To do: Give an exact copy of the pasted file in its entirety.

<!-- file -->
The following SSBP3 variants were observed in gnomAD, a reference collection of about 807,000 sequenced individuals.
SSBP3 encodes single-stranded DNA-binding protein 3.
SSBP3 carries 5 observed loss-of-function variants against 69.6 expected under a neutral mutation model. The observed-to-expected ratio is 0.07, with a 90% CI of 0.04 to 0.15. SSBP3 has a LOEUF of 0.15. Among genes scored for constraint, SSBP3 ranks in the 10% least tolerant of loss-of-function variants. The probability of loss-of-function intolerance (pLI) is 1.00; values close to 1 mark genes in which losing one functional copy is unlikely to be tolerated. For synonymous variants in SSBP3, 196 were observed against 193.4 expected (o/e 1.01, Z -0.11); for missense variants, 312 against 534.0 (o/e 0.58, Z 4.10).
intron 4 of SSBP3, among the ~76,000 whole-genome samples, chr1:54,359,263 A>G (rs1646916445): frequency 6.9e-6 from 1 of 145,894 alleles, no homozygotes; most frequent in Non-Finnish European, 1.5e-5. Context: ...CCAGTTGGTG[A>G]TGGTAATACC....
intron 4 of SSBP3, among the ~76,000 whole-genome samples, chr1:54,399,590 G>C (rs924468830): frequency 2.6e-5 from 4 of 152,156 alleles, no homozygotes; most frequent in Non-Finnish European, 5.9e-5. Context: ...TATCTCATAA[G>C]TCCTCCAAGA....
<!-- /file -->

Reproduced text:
The following SSBP3 variants were observed in gnomAD, a reference collection of about 807,000 sequenced individuals.
SSBP3 encodes single-stranded DNA-binding protein 3.
SSBP3 carries 5 observed loss-of-function variants against 69.6 expected under a neutral mutation model. The observed-to-expected ratio is 0.07, with a 90% CI of 0.04 to 0.15. SSBP3 has a LOEUF of 0.15. Among genes scored for constraint, SSBP3 ranks in the 10% least tolerant of loss-of-function variants. The probability of loss-of-function intolerance (pLI) is 1.00; values close to 1 mark genes in which losing one functional copy is unlikely to be tolerated. For synonymous variants in SSBP3, 196 were observed against 193.4 expected (o/e 1.01, Z -0.11); for missense variants, 312 against 534.0 (o/e 0.58, Z 4.10).
intron 4 of SSBP3, among the ~76,000 whole-genome samples, chr1:54,359,263 A>G (rs1646916445): frequency 6.9e-6 from 1 of 145,894 alleles, no homozygotes; most frequent in Non-Finnish European, 1.5e-5. Context: ...CCAGTTGGTG[A>G]TGGTAATACC....
intron 4 of SSBP3, among the ~76,000 whole-genome samples, chr1:54,399,590 G>C (rs924468830): frequency 2.6e-5 from 4 of 152,156 alleles, no homozygotes; most frequent in Non-Finnish European, 5.9e-5. Context: ...TATCTCATAA[G>C]TCCTCCAAGA....